What Material is Best for Body Armor? Do They All Spall?
People tend to talk about ceramic and steel the most and compare the differences as you would with choosing a favorite soft drink. Everyone has their own tastes and preferences – this may be partially true with body armor. But there is also some science behind it. Body armor is typically made with four types of materials, each with its own pros and cons – some of which have to do with spalling and fragmentation. The most common materials include steel, ceramic, polyethylene, and Kevlar. Well, cover each one of these in detail below.
Steel Body Armor
Steel body armor has been used since WWII and has always been the first thought that comes to mind when you think of bulletproof vests. It was actually first used in 1561 by Filippo Negroli, who developed the first coat of armor for the soldiers in battle. The problem is that the firearms and ammunition we use have been made to be stronger and more powerful. So, armor has had to evolve with the advancements in ammo. The stronger the weapon, the stronger the steel had to be. And to make it stronger, you had to make it thicker. Steel plates in a vest still have the power to stop almost every type of ammunition and shrapnel, but they are heavy. Very heavy. And they can also cause excessive fracturing of the bullets and spalling. This can be dangerous to the wearer as well as those nearby. As we know, steel requires a spall coat to prevent this.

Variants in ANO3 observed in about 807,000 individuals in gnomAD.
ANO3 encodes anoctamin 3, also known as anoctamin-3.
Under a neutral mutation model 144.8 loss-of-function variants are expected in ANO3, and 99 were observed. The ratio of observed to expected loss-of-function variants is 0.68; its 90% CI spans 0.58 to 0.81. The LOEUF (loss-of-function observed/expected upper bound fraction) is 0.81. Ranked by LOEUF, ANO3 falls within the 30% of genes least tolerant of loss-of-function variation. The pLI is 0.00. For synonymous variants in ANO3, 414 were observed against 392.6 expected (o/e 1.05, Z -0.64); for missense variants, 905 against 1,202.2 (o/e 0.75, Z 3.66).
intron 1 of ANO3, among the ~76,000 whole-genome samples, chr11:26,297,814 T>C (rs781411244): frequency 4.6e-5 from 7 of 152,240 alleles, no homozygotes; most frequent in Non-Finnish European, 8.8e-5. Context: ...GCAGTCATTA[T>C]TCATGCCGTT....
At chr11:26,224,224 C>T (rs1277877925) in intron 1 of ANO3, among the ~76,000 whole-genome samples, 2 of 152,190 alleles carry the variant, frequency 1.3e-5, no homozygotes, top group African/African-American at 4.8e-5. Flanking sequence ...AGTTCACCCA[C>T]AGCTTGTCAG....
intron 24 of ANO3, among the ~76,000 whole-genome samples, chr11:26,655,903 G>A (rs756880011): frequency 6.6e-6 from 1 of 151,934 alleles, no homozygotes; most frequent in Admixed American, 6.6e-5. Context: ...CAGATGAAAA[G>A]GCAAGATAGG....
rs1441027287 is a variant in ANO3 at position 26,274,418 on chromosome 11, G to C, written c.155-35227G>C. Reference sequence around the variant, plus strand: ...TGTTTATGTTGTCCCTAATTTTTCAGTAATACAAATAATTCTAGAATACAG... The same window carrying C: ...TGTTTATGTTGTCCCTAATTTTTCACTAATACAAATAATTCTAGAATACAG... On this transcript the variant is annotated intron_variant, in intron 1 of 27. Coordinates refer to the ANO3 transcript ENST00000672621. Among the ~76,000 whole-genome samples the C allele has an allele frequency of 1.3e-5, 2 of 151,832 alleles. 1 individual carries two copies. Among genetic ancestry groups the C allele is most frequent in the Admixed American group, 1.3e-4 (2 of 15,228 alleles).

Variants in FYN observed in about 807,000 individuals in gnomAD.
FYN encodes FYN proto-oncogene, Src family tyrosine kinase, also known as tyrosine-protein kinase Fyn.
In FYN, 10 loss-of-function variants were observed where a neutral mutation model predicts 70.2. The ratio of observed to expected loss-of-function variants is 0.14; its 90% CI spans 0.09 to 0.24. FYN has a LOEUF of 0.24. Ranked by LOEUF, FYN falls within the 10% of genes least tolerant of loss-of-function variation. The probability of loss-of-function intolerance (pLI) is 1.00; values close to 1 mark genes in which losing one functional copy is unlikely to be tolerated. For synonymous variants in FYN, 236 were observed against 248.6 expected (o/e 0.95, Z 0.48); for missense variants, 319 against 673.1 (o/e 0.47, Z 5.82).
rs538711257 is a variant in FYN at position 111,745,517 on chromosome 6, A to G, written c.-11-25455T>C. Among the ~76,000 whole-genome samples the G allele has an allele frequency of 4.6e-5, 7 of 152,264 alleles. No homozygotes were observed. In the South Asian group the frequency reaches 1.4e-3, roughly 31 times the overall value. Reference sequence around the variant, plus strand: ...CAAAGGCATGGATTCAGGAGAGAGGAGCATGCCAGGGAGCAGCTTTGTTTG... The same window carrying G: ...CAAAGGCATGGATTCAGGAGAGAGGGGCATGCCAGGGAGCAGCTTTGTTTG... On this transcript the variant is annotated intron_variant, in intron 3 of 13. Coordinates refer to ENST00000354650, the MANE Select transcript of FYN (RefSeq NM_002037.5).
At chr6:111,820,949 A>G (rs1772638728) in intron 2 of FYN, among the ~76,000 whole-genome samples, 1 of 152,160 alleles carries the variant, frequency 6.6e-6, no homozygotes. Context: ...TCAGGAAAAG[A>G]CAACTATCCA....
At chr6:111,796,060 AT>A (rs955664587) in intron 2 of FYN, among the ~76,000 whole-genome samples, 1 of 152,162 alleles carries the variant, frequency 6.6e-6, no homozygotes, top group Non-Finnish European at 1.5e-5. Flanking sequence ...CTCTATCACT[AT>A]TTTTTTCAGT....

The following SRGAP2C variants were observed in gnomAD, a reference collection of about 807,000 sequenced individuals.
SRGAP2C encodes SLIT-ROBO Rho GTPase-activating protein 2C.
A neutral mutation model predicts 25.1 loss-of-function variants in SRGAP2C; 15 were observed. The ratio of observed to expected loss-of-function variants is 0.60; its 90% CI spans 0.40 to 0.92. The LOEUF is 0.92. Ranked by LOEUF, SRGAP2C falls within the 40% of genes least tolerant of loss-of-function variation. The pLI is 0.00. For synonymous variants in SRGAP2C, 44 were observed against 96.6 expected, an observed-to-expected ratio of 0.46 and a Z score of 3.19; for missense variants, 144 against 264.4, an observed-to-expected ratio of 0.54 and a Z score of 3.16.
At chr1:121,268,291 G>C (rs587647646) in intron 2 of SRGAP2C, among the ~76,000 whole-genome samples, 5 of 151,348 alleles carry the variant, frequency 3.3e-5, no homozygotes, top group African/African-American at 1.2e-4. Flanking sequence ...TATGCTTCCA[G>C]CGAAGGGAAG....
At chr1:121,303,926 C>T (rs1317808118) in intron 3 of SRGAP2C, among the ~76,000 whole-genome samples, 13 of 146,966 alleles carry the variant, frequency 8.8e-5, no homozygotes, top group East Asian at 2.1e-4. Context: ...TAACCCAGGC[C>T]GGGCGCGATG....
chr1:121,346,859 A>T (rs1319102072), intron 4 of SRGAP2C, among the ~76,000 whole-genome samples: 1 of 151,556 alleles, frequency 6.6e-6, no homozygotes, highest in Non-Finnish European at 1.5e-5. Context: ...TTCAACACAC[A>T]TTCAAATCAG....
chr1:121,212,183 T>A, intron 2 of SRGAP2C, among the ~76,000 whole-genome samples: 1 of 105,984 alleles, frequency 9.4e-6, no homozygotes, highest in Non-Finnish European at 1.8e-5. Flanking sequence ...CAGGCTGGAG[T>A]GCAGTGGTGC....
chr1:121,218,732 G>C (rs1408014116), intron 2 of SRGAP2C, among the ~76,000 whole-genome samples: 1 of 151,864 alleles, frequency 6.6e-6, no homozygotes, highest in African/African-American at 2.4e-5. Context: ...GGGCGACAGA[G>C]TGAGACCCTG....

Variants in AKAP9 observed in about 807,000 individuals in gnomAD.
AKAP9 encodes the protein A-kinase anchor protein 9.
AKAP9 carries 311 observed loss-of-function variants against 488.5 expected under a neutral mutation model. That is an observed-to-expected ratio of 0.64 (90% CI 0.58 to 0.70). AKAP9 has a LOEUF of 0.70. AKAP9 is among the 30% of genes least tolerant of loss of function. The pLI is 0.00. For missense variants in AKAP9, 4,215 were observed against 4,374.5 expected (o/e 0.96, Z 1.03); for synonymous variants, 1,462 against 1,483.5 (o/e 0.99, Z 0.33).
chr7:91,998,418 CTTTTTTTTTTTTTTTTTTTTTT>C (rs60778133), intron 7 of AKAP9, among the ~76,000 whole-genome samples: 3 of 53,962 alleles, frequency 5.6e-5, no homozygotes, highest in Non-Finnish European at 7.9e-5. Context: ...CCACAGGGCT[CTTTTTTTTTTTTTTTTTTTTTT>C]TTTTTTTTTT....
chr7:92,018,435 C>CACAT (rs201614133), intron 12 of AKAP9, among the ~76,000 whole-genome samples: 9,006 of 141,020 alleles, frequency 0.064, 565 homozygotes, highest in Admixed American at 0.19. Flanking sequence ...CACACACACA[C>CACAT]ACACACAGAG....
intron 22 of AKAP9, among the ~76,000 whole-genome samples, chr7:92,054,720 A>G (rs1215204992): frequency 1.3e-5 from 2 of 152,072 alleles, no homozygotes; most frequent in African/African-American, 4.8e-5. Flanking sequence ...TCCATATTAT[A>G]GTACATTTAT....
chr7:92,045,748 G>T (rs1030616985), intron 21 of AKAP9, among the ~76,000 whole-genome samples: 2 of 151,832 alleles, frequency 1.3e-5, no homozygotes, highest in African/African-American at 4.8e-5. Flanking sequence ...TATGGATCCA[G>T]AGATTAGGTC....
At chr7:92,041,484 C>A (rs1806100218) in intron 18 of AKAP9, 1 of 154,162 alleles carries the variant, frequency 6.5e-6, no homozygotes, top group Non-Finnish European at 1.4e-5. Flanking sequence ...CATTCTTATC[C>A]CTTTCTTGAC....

After the steel plates had been around for a while, ceramic plates were developed. This happened around the time of the Gulf War in 1990-1991, although it was used on tanks instead of people. Once they realized how well this material worked and how much lighter it was, they started making ceramic body armor. Rather than having to wear heavy steel plates, soldiers and police officers were able to wear the lighter ceramic plates with the same protection. Almost the same, anyway. Eventually, they found out that ceramic plates cannot take hits to the same spot more than once or twice. Ceramic plates do not spall, which is a big plus. But many ceramic plates need a polyethylene or Kevlar backing to help protect against their relative fragility. It is also this fragility that causes a lack of protection when not handled or installed properly.